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The possibility of acquiring carbapenemase-producing Enterobacteriaceae (CPE) on Beaumont Hospital’s Hamilton Ward was “beyond” a level appropriate to ask patients if they accepted the risk, the Medical Independent can reveal.
The observation was made in a HSE report, which stated the pattern of CPE transmission on the ward was suggestive of a “persistent environmental reservoir”.
The hospital says the ward has since undergone a full refurbishment, as was recommended.
The HSE visited the hospital in February.
Draft summary notes by Prof Martin Cormican, head of the HSE’s antimicrobial resistance and infection control (AMRIC) team, said the outbreak (involving OXA-48 CPE) became apparent in July/early August 2018.
As he understood it, cystic fibrosis patients admitted to the ward had not been screened for CPE and he did not know to what extent they were consulted in this matter.
The risk of acquiring CPE for a patient admitted to the ward was “of the order of one-in-20”, noted Prof Cormican, who recommended suspension of new admissions, except those patients known to be colonised with OXA-48 CPE.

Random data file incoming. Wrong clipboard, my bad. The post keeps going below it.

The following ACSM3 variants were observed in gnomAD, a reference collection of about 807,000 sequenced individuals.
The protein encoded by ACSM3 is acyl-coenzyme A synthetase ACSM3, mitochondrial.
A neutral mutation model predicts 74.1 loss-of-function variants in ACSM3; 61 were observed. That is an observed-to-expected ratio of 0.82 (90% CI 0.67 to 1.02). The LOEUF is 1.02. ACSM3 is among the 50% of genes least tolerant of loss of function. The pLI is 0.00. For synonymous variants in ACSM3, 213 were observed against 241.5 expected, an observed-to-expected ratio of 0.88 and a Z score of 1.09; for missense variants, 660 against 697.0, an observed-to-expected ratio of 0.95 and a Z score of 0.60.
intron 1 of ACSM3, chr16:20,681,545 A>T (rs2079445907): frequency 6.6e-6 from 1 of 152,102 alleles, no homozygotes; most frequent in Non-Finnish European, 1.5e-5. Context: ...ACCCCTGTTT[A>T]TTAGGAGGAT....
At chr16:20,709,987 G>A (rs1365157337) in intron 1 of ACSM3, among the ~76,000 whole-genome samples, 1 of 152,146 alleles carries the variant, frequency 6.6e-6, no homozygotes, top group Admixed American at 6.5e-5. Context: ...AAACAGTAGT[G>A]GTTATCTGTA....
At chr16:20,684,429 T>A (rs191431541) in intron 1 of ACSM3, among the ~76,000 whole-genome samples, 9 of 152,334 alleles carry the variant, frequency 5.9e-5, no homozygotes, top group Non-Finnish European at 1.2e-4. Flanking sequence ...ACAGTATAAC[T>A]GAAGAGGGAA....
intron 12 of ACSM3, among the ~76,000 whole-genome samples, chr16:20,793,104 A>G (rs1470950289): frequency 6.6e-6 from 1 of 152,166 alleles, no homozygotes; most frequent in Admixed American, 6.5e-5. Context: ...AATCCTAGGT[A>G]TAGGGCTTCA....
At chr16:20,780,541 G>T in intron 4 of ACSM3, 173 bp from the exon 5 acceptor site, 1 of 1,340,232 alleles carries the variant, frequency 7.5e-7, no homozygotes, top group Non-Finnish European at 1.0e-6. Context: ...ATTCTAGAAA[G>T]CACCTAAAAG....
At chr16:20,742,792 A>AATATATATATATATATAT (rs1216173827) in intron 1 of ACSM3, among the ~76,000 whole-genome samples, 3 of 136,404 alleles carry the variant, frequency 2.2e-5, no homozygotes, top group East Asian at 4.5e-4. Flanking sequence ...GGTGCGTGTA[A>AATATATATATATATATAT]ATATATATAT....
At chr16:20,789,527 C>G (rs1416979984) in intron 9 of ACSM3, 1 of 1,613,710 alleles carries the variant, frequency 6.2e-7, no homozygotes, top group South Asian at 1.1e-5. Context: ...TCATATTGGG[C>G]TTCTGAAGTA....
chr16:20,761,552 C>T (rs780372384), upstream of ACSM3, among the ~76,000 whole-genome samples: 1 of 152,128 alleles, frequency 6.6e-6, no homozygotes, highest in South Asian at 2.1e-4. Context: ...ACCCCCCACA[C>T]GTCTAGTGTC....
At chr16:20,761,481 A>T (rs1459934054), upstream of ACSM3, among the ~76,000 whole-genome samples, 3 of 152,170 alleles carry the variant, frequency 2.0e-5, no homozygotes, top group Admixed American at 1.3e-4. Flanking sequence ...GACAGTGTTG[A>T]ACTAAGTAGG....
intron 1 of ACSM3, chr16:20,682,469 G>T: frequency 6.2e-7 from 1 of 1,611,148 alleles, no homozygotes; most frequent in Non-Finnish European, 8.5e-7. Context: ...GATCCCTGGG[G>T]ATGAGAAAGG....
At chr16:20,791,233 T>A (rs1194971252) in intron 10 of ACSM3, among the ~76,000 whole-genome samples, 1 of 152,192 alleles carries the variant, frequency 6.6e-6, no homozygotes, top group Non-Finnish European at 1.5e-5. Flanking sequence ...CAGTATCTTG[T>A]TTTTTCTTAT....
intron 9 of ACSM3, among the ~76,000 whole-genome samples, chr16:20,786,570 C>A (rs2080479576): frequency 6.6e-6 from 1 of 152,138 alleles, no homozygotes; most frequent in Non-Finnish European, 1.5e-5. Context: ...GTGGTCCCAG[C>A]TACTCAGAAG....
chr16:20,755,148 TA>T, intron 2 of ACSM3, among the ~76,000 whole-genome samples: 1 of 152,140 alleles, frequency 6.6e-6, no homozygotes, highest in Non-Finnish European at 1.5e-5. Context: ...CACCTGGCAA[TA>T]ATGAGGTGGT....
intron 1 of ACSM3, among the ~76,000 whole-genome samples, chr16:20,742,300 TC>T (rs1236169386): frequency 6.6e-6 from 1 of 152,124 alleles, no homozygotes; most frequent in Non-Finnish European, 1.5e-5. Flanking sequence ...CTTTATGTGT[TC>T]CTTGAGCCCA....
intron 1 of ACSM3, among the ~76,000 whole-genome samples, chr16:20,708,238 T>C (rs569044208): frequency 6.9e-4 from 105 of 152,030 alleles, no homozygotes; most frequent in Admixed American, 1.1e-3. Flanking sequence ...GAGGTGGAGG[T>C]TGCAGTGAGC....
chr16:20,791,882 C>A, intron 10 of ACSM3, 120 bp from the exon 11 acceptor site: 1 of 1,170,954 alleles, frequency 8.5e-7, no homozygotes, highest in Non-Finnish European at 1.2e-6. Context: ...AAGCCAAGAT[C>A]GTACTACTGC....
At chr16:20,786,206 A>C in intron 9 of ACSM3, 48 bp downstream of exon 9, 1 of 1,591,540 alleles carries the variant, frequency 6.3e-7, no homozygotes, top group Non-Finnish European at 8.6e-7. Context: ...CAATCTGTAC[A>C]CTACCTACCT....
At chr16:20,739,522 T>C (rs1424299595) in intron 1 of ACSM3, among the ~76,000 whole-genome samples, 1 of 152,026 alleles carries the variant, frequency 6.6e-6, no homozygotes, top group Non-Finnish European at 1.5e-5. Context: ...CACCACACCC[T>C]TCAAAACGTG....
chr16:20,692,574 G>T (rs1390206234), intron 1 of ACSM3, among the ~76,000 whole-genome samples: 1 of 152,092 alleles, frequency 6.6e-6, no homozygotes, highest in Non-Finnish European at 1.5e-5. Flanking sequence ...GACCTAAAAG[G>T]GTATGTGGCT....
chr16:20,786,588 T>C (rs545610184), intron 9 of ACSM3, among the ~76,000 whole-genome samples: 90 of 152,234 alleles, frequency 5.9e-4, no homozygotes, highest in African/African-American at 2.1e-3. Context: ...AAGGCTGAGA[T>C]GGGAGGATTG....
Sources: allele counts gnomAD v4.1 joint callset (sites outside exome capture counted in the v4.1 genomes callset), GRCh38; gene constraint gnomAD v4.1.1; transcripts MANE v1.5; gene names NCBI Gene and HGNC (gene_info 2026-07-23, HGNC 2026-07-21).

According to the report, hospital CEO Mr Ian Carter indicated there were certain patients vulnerable to infection who were not considered for admission to the ward. However, Mr Carter considered that the number of patients awaiting admission in the emergency department regularly reached a level where the risk associated with delayed admission to a ward was greater than that associated with admission to the Hamilton Ward.
Beaumont’s spokesperson said all patients are screened on admission to the Hamilton Ward.